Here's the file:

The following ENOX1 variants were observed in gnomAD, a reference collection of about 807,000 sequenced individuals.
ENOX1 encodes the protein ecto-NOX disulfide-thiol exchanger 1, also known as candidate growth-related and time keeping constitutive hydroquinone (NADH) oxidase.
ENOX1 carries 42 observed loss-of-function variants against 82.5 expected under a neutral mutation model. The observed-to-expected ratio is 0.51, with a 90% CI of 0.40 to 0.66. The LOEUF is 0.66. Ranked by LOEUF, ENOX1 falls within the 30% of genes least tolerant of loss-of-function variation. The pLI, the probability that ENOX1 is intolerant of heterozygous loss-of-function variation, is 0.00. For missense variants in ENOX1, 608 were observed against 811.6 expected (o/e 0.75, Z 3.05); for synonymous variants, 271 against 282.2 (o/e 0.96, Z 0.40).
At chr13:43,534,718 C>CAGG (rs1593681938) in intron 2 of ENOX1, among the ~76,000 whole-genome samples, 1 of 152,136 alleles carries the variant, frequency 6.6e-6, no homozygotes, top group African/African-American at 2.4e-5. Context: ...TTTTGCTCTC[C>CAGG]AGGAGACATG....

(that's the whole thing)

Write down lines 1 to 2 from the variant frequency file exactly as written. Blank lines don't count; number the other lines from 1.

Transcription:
The following ENOX1 variants were observed in gnomAD, a reference collection of about 807,000 sequenced individuals.
ENOX1 encodes the protein ecto-NOX disulfide-thiol exchanger 1, also known as candidate growth-related and time keeping constitutive hydroquinone (NADH) oxidase.